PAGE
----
Tuesday, May 16, 2017

The Cat Years - San Francisco Chronicle

While going through my mom's things, my sisters and I found the following article she had saved.

It originally appears in the San Francisco Chronicle, apparently. While it is online with a date of 1996, other blogs give it an earlier date of 1961. Since my mom had to tolerate a lot from her passel of teenage girls, and one teen boy, not to mention grandchildren, I had to smile when I read this.




The Cat Years
From: Adair Lara (San Francisco Chronicle)

I just realized that while children are dogs—loyal and affectionate—teenagers are cats. It’s so easy to be a dog owner. You feed it, train it, boss it around. It puts its head on your knee and gazes at you as if you were a Rembrandt painting. It bounds indoors with enthusiasm when you call it.

Then, around age 13, your adorable little puppy turns into a big old cat. When you tell it to come inside, it looks amazed, as if wondering who died and made you emperor. Instead of dogging your footsteps, it disappears. You won’t see it again until it gets hungry—then it pauses on its sprint through the kitchen long enough to turn its nose up at whatever you’re serving. When you reach out to ruffle its head, in that old affectionate gesture, it twists away from you, then gives you a blank stare, as if trying to remember where it has seen you before.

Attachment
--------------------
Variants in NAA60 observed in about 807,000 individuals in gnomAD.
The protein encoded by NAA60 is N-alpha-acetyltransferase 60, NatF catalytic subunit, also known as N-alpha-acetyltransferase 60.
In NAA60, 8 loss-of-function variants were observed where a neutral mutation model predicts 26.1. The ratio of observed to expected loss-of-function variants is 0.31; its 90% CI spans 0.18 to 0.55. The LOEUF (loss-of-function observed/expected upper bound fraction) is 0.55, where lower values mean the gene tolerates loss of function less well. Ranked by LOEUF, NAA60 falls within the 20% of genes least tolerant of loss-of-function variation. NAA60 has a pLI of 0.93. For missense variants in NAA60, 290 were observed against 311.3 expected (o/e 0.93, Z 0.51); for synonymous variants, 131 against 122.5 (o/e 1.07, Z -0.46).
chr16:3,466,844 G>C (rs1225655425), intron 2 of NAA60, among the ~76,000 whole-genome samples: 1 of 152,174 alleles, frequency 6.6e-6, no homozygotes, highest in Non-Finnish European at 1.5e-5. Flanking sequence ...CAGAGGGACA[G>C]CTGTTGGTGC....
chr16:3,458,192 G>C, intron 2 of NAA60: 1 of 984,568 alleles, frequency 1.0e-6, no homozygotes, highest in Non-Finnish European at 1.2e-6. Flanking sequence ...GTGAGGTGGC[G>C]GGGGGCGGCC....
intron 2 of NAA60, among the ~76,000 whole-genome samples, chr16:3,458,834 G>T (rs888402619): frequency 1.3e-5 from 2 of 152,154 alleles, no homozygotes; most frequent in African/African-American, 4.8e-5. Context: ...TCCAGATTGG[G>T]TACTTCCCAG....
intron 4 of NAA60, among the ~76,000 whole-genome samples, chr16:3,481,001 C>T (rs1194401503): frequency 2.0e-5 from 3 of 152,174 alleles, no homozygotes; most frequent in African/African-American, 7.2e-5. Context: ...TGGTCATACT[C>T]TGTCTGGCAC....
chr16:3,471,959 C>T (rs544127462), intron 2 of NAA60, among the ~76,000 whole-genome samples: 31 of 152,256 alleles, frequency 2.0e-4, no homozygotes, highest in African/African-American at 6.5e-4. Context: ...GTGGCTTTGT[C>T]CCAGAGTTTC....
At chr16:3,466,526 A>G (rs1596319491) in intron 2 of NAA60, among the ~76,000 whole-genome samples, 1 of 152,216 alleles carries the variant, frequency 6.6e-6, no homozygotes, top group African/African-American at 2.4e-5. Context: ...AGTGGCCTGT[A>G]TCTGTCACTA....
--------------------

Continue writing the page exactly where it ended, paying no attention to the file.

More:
You, not realizing that the dog is now a cat, think something must be desperately wrong with it. It seems so antisocial, so distant, sort of depressed. It won’t go on family outings.

Since you’re the one who raised it, taught it to fetch and stay and sit on command, you assume that you did something wrong. Flooded with guilt and fear, you redouble your efforts to make your pet behave.

Only now you’re dealing with a cat, so everything that worked before now produces the opposite of the desired results. Call it, and it runs away. Tell it to sit, and it jumps on the counter. The more you go toward it, wringing your hands, the more it moves away.

Instead of continuing to act like a dog owner, you can learn to behave like a cat owner. Put a dish of food near the door, and let it come to you. But remember that a cat needs your help and your affection too. Sit still, and it will come, seeking that warm, comforting lap it has nor entirely forgotten. Be there to open the door for it.

One day, you grown-up child will walk into the kitchen, give you a big kiss and say, “You’ve been on your feet all day. Let me get those dishes for you.” Then you’ll realize your cat is a dog again.

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